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A Visitor’s Guide to Public Transportation Courtesy in Tokyo

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Visiting Tokyo requires some patience for navigating through a complex train and subway system, but once you figure it out, it’s actually very orderly. With the upcoming 2020 Olympics, Tokyo has been preparing to host the international crowd with directions and signage printed in English. This should help visitors, but we also want to hand out some advice on how to be a considerate traveler, which is important in Japanese culture.

Here’s what to know before you go to Tokyo:

Don’t block escalator traffic. One side of the escalator should be open for those who wish to rush up or down the stairs. If you’re standing still, keep to the left side in Tokyo, and stand on the right side in Osaka. Don’t ask me why it’s different, but the most important piece to remember is DO NOT block the side where people are walking/running up the steps!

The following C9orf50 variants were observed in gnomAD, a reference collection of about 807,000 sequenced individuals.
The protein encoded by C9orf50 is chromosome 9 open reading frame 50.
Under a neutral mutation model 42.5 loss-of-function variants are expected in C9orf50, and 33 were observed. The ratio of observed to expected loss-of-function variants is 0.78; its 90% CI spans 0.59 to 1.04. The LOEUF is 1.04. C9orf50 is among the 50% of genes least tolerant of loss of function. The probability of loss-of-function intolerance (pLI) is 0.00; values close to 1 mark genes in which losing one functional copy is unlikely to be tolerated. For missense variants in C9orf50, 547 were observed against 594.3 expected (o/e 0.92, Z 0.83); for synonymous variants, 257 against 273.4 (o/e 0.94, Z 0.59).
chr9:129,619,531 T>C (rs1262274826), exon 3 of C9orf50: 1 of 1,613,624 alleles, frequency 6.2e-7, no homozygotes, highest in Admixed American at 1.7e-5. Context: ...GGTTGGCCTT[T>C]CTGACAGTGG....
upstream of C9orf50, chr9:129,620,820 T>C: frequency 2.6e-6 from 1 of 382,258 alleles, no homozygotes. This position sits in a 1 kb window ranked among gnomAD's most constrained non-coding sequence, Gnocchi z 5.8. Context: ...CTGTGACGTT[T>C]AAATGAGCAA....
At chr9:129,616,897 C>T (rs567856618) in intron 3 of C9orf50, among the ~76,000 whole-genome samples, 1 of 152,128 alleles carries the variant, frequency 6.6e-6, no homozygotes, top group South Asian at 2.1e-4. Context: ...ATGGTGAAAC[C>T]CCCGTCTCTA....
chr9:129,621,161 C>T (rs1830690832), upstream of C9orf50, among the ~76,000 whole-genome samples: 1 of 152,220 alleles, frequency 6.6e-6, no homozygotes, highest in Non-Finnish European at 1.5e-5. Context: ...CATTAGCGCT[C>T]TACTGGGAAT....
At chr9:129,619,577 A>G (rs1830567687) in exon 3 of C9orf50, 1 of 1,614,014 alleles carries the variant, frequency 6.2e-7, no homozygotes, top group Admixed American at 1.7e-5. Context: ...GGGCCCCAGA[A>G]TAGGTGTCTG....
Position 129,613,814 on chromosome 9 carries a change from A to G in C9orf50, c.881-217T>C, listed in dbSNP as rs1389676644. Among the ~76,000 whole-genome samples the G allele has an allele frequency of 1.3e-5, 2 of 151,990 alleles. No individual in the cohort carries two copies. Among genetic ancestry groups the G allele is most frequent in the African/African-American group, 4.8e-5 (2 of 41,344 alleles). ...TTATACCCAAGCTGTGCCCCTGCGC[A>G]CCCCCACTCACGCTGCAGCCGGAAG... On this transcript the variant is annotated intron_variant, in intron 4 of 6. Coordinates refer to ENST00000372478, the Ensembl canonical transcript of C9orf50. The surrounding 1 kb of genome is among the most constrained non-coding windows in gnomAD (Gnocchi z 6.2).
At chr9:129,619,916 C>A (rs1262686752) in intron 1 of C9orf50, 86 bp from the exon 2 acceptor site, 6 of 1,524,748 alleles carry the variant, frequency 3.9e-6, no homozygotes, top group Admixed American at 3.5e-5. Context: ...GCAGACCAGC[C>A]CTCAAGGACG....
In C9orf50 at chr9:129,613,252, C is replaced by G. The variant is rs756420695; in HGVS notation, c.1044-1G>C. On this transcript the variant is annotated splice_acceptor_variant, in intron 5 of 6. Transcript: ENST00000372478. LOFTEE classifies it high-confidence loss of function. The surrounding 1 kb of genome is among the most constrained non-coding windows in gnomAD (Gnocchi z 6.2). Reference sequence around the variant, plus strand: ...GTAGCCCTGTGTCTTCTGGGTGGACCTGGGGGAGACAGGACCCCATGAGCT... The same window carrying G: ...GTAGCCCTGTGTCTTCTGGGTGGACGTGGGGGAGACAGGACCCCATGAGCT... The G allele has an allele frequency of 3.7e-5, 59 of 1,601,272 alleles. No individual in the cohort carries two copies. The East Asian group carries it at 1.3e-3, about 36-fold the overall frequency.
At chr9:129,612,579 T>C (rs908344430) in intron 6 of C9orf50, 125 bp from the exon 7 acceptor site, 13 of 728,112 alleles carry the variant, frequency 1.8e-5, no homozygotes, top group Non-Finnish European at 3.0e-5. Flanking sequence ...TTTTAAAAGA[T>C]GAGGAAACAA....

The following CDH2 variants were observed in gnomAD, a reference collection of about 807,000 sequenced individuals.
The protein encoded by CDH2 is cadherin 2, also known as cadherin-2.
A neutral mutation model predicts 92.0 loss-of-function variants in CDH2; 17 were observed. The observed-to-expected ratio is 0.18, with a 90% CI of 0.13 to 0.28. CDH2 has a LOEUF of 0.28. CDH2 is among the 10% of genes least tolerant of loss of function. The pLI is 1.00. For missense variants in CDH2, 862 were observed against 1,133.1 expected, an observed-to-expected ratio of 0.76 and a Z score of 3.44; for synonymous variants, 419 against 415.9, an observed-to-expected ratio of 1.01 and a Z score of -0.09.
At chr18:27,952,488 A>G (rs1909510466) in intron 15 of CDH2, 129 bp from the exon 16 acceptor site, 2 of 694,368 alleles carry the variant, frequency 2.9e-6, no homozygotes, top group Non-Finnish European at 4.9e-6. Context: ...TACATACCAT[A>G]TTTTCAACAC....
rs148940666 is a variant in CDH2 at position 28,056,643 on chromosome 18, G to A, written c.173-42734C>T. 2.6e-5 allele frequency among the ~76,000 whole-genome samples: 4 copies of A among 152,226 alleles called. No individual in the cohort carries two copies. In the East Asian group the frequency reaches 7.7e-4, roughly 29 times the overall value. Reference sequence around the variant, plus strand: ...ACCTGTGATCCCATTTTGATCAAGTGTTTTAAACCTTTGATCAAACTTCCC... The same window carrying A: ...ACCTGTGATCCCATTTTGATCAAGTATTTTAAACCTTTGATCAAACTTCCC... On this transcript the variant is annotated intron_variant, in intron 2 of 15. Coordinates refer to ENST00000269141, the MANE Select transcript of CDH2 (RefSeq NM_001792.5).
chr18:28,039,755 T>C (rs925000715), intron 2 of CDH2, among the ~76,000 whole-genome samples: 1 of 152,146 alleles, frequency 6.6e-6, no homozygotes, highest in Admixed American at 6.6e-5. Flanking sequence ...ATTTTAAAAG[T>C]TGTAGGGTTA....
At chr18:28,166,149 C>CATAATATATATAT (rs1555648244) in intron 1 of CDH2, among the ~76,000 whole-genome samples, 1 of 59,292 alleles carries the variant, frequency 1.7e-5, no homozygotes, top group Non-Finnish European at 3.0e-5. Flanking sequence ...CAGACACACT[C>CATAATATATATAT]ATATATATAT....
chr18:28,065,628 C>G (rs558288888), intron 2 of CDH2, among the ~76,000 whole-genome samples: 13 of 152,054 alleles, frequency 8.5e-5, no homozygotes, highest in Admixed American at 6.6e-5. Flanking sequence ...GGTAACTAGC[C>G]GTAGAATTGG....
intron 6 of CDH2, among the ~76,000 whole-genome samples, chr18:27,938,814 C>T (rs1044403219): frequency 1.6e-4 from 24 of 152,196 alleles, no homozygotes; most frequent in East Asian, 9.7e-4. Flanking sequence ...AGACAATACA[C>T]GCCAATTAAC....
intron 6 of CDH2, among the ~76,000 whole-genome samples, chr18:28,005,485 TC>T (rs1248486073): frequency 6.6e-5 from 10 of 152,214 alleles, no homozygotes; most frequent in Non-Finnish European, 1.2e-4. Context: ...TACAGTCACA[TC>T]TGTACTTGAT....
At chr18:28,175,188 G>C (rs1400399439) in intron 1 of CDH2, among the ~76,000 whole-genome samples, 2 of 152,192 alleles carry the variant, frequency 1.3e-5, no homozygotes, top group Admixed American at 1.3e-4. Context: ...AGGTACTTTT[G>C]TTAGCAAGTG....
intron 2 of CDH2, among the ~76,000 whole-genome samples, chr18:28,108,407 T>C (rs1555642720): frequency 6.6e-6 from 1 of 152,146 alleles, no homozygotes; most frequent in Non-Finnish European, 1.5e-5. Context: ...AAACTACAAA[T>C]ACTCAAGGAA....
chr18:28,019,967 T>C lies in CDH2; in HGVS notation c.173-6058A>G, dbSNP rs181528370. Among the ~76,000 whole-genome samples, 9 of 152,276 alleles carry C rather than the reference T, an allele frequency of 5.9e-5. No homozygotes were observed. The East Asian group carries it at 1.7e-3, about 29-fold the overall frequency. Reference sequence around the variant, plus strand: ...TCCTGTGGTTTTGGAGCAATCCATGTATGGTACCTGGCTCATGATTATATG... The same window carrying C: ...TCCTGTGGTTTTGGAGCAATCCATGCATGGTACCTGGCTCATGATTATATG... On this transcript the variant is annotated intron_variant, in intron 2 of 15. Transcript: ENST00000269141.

Be patient, not pushy. The locals know to orderly stand in line before the yellow lines as they await their train. Follow their lead. Japanese trains arrive every few minutes, so even if you miss one, you will most likely be able to catch one soon after. Do not get pushy or cut in line.

Follow train etiquette. Don’t block the path for those who are getting off the train. Let them come off first before getting on the train.

Be quiet. Keeping quiet on the train is important etiquette so you should not engage in a loud conversation. Don’t talk on the phone. It’s better yet to sit silent while you’re on the train.

No drinking or eating. You will notice how clean it is in Tokyo. People don’t litter in the streets or the trains, and it’s considered rude to eat on commuter trains and subways. If you’re on the express trains and bullet trains, you will have tables where it’s okay to consume your food and drink.

Be seated properly. Don’t spread your legs, cross your legs, or leave your bag on the seat next to you. Seating space is limited so be sure to share it with others!
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Commented by Gerald Heuer
Posted at 2018-05-25 14:19

And if you leave something on the train/bus, it will be turned in to the police or transportation company, and that includes money.

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